I skipped one. A few weeks ago I played like I took up the game the week beforehand, so there was nothing to offer you from that disaster.
Today’s round is a different story. The lesson is that with no increase in skill, you can shoot lower scores if you learn how to play the game.
I call this the Floyd Rule, stated by Raymond Floyd in his valuable book, The Elements of Scoring.
“If I were given your physical game, and we had a match, I would beat you 99 times out 100 times because I know how to play the game better than you do.”
Knowing how to play the game breaks down into three general areas:
1. Being in a situation where you really do not know what to do.
2. Being in a situation where you make the wrong decision.
3. Being in a situation where you forget to do something you know you should do.
If it’s number 1, remember it, then try to re-create that situation on the practice ground so the next time you know what to do and can do it successfully. Basically, it’s not letting the course hand you a problem you don’t have a solution for.
Number 2 is a matter of getting more experience. You played a shot you thought would work, but clearer thinking would have told you either that a different one would have worked out better, or the shot you played should have been avoided.
Number 3 is also a matter of experience, but in this case about establishing good habits so you never overlook a factor that is totally under your control.
Yesterday I shot a 44—two pars and a double bogey.
Mistake #1: On the 7th hole, putting across a radically sloping green, that I knew sloped radically, I failed to play enough break on my approach putt on a putt I have had before. The ball passed about six inches in front of the hole and on its way downhill to the left about seven feet. Missed that one coming back. I had the pace, but not the line. One stroke lost, number 3 error.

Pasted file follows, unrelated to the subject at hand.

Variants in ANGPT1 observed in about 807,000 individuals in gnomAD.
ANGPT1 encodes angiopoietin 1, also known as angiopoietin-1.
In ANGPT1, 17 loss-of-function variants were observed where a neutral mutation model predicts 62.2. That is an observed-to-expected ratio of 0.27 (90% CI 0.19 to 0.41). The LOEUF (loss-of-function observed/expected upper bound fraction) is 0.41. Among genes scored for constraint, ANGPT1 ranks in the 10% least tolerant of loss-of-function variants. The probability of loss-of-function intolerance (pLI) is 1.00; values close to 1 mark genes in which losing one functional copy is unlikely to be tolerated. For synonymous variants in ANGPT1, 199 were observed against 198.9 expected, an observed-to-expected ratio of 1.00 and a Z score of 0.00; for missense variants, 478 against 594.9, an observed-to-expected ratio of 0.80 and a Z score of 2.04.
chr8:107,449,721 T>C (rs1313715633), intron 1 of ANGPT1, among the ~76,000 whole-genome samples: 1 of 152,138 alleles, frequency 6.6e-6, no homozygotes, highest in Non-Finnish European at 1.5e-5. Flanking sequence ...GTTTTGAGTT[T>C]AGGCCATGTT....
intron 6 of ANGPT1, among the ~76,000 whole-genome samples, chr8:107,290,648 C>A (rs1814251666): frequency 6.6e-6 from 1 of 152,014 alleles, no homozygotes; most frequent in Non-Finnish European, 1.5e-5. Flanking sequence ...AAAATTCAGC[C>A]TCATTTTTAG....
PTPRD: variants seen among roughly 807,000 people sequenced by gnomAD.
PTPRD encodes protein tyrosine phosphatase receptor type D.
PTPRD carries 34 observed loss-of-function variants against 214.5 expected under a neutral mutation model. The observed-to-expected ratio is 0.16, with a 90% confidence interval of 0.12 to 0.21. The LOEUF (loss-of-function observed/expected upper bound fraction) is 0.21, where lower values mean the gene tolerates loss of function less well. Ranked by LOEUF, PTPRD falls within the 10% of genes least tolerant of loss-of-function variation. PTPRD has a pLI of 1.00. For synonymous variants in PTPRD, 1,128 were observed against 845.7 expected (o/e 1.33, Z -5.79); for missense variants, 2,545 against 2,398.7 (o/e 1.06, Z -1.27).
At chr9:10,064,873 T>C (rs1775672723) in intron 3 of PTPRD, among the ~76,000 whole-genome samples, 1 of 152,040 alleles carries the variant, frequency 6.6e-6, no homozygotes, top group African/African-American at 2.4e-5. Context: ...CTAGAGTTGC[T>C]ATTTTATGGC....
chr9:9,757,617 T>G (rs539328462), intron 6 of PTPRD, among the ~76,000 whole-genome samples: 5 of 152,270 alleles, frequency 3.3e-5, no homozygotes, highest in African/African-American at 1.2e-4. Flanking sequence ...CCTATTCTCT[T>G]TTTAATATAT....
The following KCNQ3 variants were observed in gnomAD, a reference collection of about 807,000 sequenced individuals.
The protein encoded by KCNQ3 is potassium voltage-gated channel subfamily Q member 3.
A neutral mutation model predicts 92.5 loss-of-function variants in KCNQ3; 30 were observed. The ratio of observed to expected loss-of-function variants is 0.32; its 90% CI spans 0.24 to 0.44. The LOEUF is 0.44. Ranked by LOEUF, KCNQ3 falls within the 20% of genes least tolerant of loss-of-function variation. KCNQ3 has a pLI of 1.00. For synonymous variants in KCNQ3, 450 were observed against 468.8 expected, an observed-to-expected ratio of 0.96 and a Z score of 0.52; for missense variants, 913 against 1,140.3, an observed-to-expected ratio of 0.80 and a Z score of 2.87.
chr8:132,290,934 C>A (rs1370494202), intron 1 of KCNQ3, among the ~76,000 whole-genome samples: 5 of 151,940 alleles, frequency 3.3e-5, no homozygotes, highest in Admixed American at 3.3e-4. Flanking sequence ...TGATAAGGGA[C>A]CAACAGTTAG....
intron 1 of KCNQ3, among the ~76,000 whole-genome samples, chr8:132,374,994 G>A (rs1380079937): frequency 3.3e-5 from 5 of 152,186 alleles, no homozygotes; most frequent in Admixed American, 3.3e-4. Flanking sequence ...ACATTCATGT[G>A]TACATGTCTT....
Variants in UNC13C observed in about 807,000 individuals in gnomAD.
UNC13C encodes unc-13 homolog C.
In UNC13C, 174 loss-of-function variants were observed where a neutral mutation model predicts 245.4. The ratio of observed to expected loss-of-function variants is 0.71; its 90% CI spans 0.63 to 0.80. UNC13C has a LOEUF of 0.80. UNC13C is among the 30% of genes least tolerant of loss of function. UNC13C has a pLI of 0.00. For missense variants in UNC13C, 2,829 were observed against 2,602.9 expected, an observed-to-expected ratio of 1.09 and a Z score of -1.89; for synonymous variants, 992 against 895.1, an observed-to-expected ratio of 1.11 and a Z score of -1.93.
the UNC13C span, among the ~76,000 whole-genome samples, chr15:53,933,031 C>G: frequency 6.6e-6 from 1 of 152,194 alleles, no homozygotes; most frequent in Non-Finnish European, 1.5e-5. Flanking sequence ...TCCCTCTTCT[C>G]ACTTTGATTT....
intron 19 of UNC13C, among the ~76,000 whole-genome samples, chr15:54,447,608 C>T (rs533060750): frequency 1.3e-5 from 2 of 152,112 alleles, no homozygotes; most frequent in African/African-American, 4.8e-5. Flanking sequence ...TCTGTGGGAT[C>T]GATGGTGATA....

Mistake #2: On the next hole I had a slam dunk chip to a pin 15 feet away, uphill, to a green that again slopes dramatically from front to back. I got too delicate and left the ball too short. Down in two putts instead of one. One stroke lost, number 3 error.
Mistake #3: On the 9th, lying about 60 yards from the green on a gentle downslope on the left edge of the fairway, I decided to chip and run with a 9-iron rather than flying on with a sand wedge. Safer shot, and all that. I hit the c&r to the left and it bounced its way into the rough, not reaching the green. Should have pitched on. That was my third shot on a long par 4, and it took me three to get down from there. One stroke lost, number 2 error.
Those were three strokes lost not because of bad shot-making, so much, but because of bad thinking.
There was one other, but I can’t really say it cost me a stroke. I putted from off the green from about 40 feet, but was so concerned about the turf the ball had to cover before the ball got to the green, I forgot to line up the shot. It finished hole-high, eight feet to the right. Eight feet!
There’s no guarantee I would have gotten down in two from there so I won’t count it, but still …
There are no “if onlys” in golf. I shot what I shot, and that score represents how I played in every respect. But just by having a better mind I could have shot three, maybe four, strokes lower.
You’re a better golfer right now than you think you are. If you just think.